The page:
A short sequel to satisfy shooters?
Review The original Crackdown was something of a surprise hit. It didn't come as a surprise that people bought the game in droves – the inclusion of the Halo 3 Beta key ensured Crackdown was always going to fly from the shelves. What surprised many people is that a solid, enjoyable action game was bundled with the Beta key– and one that quickly gained a dedicated cult fanbase.
Take this you little trucker!
Crackdown succeeded by being less concerned with telling the player what to do and more with asking what he wanted to do. It was unabashed sandbox, in which prescribed actions were eschewed in favour of player experimentation, where story and mission structure played second fiddle to collectibles and power-ups. And where the absolute star of the show, Pacific City, was an integral focus of the action and game mechanics.
It's no surprise, then, that Ruffian Games has left the basic formula untouched in Crackdown 2. Requiring little refinement to compel a revisit, the digital playground of Pacific City stretches far into the distance, its vibrancy immediately familiar and welcoming. Rooftop races, car races and stunts all return, as do the infamous agility orbs, which, dotted along the rooflines and girders, cranes and radio masts, twinkle with all the allure of virtual cocaine.
High on the Crackdown pipe
A virus has swept the city
Looks like someone spiked the punch
The city might not have changed much, but its inhabitants certainly have. Gone are the crime factions and kingpins of the original. Instead, a virus has swept the city and turned many of its inhabitants into Freaks: mutants who are at their most dangerous after dark.
In an effort to quell the outbreak, The Agency has constructed a new weapon called Project Sunburst, which will eradicate the contagion with powerful UV light. Complicating matters, however, a terrorist group known as The Cell is hell-bent on sabotaging Project Sunburst for reasons unknown.
That's as much as you need to know about the plot. Indeed, apart from for completionists, for whom explanatory audio files can be collected throughout the city, that's as much exposition as the game offers. After all, Crackdown 2 can be played entirely at your own pace and in your own style.
You could, for example, ignore all the gunfire and car chases at street level in favour of hopping about on the rooftops to collect those agility orbs. Or you could choose to go on a killing spree with guns and grenades, or spend hours hand-braking your car into crowds of innocent bystanders.
You look like this if you don't put the crack-down
The wide variety of weapons..
Don't push me, 'cos I'm close to the edge!
But when you do decide to follow the main thread, you'll realise Crackdown 2 is a simple fight for territory, split between Cell strongholds and Freak lairs and outbreaks. Fighting either enemy outside of these set-piece battles does nothing to progress the game. But every kill releases mini orbs that upgrade your other abilities, helping you to drive faster cars or wield more powerful guns and grenades. All of which will come in handy, as set-pieces increase in difficulty.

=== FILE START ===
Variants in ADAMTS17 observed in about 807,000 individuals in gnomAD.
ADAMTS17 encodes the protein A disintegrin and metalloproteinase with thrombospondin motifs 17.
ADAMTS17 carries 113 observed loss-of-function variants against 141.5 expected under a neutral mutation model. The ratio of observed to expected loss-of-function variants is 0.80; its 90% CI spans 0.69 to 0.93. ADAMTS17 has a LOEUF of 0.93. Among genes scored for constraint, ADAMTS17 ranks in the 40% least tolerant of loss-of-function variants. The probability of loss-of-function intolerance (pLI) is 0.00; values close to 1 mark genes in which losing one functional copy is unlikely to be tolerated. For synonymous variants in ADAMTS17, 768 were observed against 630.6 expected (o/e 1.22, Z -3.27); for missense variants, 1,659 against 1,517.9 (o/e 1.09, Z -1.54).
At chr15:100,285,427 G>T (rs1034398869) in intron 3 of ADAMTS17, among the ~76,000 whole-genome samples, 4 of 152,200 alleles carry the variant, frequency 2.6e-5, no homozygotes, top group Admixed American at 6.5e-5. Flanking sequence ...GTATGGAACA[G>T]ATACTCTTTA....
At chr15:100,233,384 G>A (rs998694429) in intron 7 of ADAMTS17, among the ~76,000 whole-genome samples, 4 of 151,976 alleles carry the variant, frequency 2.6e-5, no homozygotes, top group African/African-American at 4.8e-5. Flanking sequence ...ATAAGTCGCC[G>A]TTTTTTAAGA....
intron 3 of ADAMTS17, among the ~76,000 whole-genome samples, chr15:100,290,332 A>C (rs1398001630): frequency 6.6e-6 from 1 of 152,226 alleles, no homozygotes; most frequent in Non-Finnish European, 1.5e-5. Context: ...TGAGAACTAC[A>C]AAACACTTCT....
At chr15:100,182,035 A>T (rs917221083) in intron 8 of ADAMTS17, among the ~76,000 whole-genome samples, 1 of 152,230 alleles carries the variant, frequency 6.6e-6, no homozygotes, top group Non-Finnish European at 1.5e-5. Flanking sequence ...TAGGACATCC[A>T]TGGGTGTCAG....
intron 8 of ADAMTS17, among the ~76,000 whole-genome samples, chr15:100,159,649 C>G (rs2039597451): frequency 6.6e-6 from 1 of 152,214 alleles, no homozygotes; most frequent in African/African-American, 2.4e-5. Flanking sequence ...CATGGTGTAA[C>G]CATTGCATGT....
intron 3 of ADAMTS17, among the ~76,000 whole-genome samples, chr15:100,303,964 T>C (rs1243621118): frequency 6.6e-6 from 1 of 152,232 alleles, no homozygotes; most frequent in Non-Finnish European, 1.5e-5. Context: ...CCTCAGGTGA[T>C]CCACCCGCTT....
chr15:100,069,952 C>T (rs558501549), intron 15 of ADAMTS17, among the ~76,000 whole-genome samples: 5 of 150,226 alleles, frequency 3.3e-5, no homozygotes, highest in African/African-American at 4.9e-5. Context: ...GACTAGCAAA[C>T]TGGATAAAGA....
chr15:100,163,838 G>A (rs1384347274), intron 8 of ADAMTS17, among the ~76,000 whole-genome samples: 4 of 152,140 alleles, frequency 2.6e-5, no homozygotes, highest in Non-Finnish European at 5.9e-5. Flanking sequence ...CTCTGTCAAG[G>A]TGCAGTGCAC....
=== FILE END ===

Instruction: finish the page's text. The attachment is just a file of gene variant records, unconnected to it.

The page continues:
Although each offers enjoyable combat, there's little to distinguish between Cell and Freak confrontations other than their respective terrain and weapons. Limited AI restricts combat to simple point and eliminate, where only the enemy's superior number provides any real threat. But the wide variety of weapons at least rewards experimentation with some humorous and often outlandish physics, with explosions the real highlight, where vehicles, barrels and gas canisters combine with grenades and rockets to provide some memorable blast-porn.
Played straight through, the game lasts a measly six hours. Allow three players to join you in the new four-player online co-op mode, and the game can end even sooner. But what the game might lose in longevity, co-op more than makes up for in hilarity.
Even though players are free to explore your world as they choose, and able to complete any section for you, it's a helluva lot more fun to stick together, where teamwork and imagination can create some inspired and side-splitting moments, especially when wielding the game's most mischievous weapon, the magnet grenade.
Shootin' up brings you down
The game gets buggy sometimes
If you're feeling more combative, multiplayer comes in standard Deathmatch and Team Deathmatch, and Rocket Tag. Although presently limited to these three modes, multiplayer benefits from excellent variation in its maps and Crackdown's trademark verticality, which provides unique and moreish encounters. For so simple a premise, Rocket Tag is fiendishly addictive. Armed with nothing but rockets in a free-for-all, your only objective is to capture a single orb and hold onto it for as long as you can. With up to 16-players, holding it for any longer than a few seconds will test your reflexes well beyond most other twitch fragfests.
Crackdown 2 is probably not the sequel many had hoped for. Very little has changed in Pacific City, and the new campaign struggles to match its predecessor's, which itself was considered lightweight for an action-adventure game. But Crackdown was never about reaching a goal or destination; it was always about the fun to be had along the way. And in that respect, Crackdown 2 is a worthy successor, especially when there's company along for the ride.
The hitchhiker did all the picking up
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